• Eat and Drink Slowly: Take your time while eating and drinking to minimize the amount of air swallowed.
  • Avoid Carbonated Beverages: Reduce or eliminate intake of fizzy drinks to decrease the amount of gas in the stomach.
  • Stop Smoking: If you smoke, quitting can reduce symptoms, as smoking often leads to swallowing air.
  • Chew Food Thoroughly: This helps reduce the need to swallow frequently, which can minimize air intake.
  • Limit Gum Chewing and Hard Candies: These can increase the amount of air you swallow.
  • Avoid Talking While Eating: Try to eat quietly without conversing to decrease the likelihood of swallowing air.
  • Manage Stress and Anxiety: Since anxiety can increase the rate and depth of breathing, managing stress through techniques like meditation, deep breathing exercises, or counseling can be beneficial.
  • Check Dentures: If you wear dentures, make sure they fit properly. Poorly fitting dentures can cause you to swallow more air.
  • Adjust CPAP Machines: If you use a CPAP machine, ensure it is properly adjusted to prevent air from being pushed into the stomach.
  • Dietary Changes: Some people may find relief by adjusting their diet to avoid foods that produce excess gas or trigger gastrointestinal symptoms.

In cases where behavioral and lifestyle changes do not alleviate symptoms, it may be necessary to consult with a healthcare provider.

They can rule out other conditions that might mimic or exacerbate aerophagia, such as gastrointestinal disorders. In some instances, medications that reduce gas or treat underlying conditions like acid reflux may also be prescribed.

Aerophagia vs. Indigestion

Aerophagia and indigestion are both gastrointestinal conditions but differ significantly in their causes and symptoms.

Aerophagia involves the swallowing of excessive amounts of air, which leads to symptoms such as bloating, burping, flatulence, and abdominal discomfort primarily due to the physical presence of air in the digestive tract.

In contrast, indigestion, also known as dyspepsia, generally arises from difficulties in digesting food and can include symptoms like heartburn, nausea, a feeling of fullness, and upper abdominal pain. These symptoms result from issues such as acid reflux, stomach ulcers, or gastritis, rather than from excess air.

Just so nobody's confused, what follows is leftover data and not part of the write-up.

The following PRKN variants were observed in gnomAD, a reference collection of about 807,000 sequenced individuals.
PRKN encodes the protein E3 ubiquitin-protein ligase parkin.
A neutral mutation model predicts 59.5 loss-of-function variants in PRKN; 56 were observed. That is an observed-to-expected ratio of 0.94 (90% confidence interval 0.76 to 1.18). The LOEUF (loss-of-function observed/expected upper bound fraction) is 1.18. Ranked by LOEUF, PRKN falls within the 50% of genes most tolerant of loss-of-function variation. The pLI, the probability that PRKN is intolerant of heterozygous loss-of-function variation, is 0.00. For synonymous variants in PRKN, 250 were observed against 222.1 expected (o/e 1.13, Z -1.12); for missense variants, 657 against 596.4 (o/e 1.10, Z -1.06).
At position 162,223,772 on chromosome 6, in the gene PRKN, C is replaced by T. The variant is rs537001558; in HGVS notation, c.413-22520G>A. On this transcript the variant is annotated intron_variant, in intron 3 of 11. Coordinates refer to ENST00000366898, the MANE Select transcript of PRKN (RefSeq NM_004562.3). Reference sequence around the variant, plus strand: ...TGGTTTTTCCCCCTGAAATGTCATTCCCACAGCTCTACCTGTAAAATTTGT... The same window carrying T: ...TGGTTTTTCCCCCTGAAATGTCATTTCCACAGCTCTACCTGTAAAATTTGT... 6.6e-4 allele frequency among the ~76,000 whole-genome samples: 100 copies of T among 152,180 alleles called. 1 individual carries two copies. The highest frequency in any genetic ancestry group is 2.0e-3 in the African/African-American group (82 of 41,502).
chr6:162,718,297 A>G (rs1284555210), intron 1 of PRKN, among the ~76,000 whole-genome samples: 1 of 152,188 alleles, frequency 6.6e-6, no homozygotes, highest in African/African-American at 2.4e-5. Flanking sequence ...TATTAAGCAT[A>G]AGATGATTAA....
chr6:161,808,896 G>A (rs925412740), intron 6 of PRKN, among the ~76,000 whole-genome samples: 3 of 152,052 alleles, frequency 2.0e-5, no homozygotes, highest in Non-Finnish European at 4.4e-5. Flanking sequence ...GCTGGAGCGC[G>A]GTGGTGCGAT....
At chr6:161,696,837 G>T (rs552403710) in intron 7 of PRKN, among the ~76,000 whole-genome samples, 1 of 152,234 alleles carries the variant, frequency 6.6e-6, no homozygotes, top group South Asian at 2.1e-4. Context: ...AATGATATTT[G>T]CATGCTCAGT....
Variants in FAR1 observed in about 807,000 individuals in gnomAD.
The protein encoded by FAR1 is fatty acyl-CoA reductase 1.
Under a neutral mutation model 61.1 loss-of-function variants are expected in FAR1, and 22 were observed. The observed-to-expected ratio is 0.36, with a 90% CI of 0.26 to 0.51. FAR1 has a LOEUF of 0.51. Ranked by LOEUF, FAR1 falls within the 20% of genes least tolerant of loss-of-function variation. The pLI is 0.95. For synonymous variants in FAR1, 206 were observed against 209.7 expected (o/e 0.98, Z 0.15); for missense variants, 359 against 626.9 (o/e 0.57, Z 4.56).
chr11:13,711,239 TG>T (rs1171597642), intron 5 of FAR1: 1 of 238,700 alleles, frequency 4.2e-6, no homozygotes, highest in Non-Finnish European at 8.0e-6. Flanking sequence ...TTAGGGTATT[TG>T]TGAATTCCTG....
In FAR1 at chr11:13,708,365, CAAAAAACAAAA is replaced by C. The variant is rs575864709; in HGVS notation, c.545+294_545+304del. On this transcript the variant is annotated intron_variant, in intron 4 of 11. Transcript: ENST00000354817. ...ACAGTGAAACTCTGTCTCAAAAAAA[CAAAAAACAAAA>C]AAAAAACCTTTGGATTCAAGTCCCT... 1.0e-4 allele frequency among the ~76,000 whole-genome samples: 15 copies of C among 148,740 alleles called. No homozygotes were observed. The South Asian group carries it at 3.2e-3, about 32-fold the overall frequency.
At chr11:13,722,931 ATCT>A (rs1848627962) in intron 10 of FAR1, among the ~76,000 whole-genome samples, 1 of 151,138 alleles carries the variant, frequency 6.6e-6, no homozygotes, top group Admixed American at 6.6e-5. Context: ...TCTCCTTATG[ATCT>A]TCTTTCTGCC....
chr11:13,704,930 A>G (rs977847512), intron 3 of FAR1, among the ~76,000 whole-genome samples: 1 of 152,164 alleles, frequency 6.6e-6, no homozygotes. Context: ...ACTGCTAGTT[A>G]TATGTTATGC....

Note: While both conditions can cause discomfort and bloating, the underlying mechanisms and specific symptoms differ, guiding distinct approaches in management and treatment.

FAQs About Aerophagia

Is Aerophagia Bad for You?

Aerophagia is not typically harmful in the long-term sense, but it can cause significant discomfort and interfere with daily life.

The primary issues include bloating, burping, and abdominal pain, which, while not dangerous, can be bothersome and negatively impact quality of life.

Is Aerophagia Permanent?

Aerophagia is not usually a permanent condition. It often results from specific behaviors or habits that can be modified, such as eating too quickly or talking while eating.

By addressing these behaviors, most people can significantly reduce or eliminate the symptoms of aerophagia.

What are the Risk Factors for Aerophagia?

Risk factors for aerophagia include rapid eating or drinking, talking while eating, using straws, chewing gum, smoking, wearing poorly fitting dentures, and experiencing high levels of stress or anxiety.

Certain medical devices, like CPAP machines for sleep apnea, can also contribute to the condition.

How Do You Stop Aerophagia?

Stopping aerophagia involves behavioral changes to reduce the amount of air swallowed. These changes include eating and drinking slowly, avoiding talking while eating, reducing the consumption of carbonated beverages, and quitting smoking.

Additionally, managing stress and ensuring any dentures or CPAP machines are properly fitted can also help alleviate symptoms.

Is Aerophagia Caused by Anxiety?

Yes, anxiety can be a contributing factor to aerophagia. Anxiety often leads to changes in breathing patterns, such as taking quicker, shallower breaths, which can result in swallowing more air.